By Trent Beattie
In addition to assembling Finding True Happiness, Trent Beattie is the author of Scruples and Sainthood and the editor for Saint Alphonsus Liguori for Every Day. He lives in Seattle, Washington.
The Music of Christendom
By Susan Treacy
Ignatius Press/Augustine Institute, 2021
235 pages, $16.95
To order: ignatius.com
It would probably come as a shock to many people today, but the Gregorian chant is the foundational music of the Western world. Although monophonic, this type of music is anything but monotonous. There is variety in the modes of chants themselves and in the various forms of music that have developed from them.
This centrality of the official music of the Catholic Church forms the basis of Susan Treacy’s new book, The Music of Christendom, from Ignatius Press and the Augustine Institute. A convert and singer herself, Treacy is a board member of the Church Music Association of America. She previously taught the history of music and sacred music courses at Ave Maria University, where she was also the director of the men’s and women’s scholas.
Her professional specialties in general form the most interesting parts of The Music of Christendom in particular. The first nine chapters touch on three main topics: the great importance the ancient Greeks placed on music for character-formation and genuine happiness, the cultural wellspring of Gregorian chant, and the development of polyphony.
These chapters are the most overtly Catholic, while the others are often implicitly Catholic. Treacy writes of how the practice of musical composition and performance in Christian Europe was “born” in the Catholic Church and developed there over the centuries. For much of the Church’s history, there was such a connection between sacred and secular music that the two were often one and the same.
Although there are some similarities to doctrinal development, musical development does not offer an exact parallel, as seen in The Music of Christendom. When the Catholic Church was rent by the multifaceted rejection of the faith in the 1500s known collectively as the Protestant Reformation, secular music began to develop separately from Catholic music. While faithful Catholics worshipped according to one set of musical standards, Treacy points out, the cultural listening material of the day was often pulling them in another direction.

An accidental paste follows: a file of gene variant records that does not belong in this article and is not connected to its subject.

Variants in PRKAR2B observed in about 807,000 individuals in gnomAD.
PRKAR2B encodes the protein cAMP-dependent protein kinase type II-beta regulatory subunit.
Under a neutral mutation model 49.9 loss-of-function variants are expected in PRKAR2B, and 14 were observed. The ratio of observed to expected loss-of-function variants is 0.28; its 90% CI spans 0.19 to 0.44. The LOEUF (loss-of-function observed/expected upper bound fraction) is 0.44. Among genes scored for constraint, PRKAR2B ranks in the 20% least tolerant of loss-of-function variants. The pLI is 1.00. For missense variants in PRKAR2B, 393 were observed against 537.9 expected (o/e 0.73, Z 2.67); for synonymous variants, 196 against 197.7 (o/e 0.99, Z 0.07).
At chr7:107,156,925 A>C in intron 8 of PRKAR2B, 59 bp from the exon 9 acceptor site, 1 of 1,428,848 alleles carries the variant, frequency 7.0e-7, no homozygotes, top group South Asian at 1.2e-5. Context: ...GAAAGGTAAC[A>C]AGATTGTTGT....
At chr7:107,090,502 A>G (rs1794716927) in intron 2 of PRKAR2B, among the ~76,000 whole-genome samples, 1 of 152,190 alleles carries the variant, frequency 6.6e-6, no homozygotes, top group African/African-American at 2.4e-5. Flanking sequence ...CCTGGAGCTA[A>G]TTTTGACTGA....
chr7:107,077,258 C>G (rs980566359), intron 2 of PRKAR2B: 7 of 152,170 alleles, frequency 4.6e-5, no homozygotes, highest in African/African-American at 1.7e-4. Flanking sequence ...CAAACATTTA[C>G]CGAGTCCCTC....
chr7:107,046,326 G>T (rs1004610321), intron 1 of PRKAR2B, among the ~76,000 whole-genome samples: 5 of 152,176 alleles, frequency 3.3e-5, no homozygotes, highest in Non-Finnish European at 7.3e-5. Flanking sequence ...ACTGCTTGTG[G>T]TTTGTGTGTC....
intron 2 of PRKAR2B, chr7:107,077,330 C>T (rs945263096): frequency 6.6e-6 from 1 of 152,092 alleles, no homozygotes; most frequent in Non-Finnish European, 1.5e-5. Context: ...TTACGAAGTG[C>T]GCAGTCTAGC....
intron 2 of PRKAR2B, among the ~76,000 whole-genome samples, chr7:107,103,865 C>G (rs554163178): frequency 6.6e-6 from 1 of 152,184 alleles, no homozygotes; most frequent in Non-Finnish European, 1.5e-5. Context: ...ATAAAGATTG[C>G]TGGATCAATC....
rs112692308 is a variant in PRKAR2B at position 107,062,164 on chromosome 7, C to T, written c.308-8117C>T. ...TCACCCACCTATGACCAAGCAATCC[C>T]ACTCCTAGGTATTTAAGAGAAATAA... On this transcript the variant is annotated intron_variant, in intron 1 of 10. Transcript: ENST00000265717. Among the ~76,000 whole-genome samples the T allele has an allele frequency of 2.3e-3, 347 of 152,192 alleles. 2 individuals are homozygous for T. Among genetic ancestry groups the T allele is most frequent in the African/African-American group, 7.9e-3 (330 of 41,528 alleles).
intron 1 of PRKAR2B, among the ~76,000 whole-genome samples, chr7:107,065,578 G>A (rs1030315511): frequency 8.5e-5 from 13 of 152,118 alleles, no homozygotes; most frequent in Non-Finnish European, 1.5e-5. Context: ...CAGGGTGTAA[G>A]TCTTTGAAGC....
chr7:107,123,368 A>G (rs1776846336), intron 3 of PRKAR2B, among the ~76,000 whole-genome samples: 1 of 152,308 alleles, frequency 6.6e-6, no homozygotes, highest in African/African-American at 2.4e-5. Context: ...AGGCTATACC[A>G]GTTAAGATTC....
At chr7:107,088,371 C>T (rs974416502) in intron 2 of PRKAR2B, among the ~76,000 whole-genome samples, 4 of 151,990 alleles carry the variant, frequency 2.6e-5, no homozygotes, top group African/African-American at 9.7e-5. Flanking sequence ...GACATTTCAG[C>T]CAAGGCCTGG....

Near the end of the book, Treacy expresses the hope that her presentation will encourage a deeper search into the music of the Western world — not only in the pages of other books but in the actual music. Three examples in literature are Edward Schaefer’s Catholic Music Through the Ages, Joseph Swain’s Sacred Treasure, and Msgr. Robert Hayburn’s Papal Legislation on Sacred Music.
As for recordings, one of the best albums of essential Gregorian chant is O Lux Beatissima, sung by Cantores in Ecclesia and available from Oregon Catholic Press. Among the album’s most popular chants are the Veni Creator Spiritus, Pange Lingua, and Regina Coeli — in addition to the Kyrie, Gloria, Credo, Sanctus, and Agnus Dei, of course.
The albums of Gloriae Dei Cantores provide a listening tour through both the major sacred and secular aspects of European music. The ecumenical choir based in Massachusetts has several chant recordings (including the very top “masterwork” recommendation of Treacy: the chants from the traditional Christmas midnight Mass) as well as Renaissance polyphony recordings (including an album completely dedicated to the 16th-century composer Giovanni Pierluigi da Palestrina) and recordings of Johann Sebastien Bach, Wolfgang Amadeus Mozart and Sergei Rachmaninoff (who, although Russian, was influenced by Western musical ideals, Treacy explains).
As for groups active today that offer opportunities for musical immersion, the Church Music Association of America, of which Treacy is a leader, is the oldest. The St. Gregory Institute of Sacred Music (founded by Nicholas Will), Corpus Christi Watershed (founded by Jeff Ostrowski), and the Christopher Mueller Foundation for Polyphony and Chant also offer related opportunities.
The feast day of St. Cecilia, patroness of musicians is Nov. 22, so now is the perfect time to learn more about, and participate more extensively in, the beautiful music that has emanated from the heart and mouth of the Church. These “classical” sounds have helped to shape not only the history of the Church but the history of the world. A first step in discovering more about this abundant treasure trove is The Music of Christendom.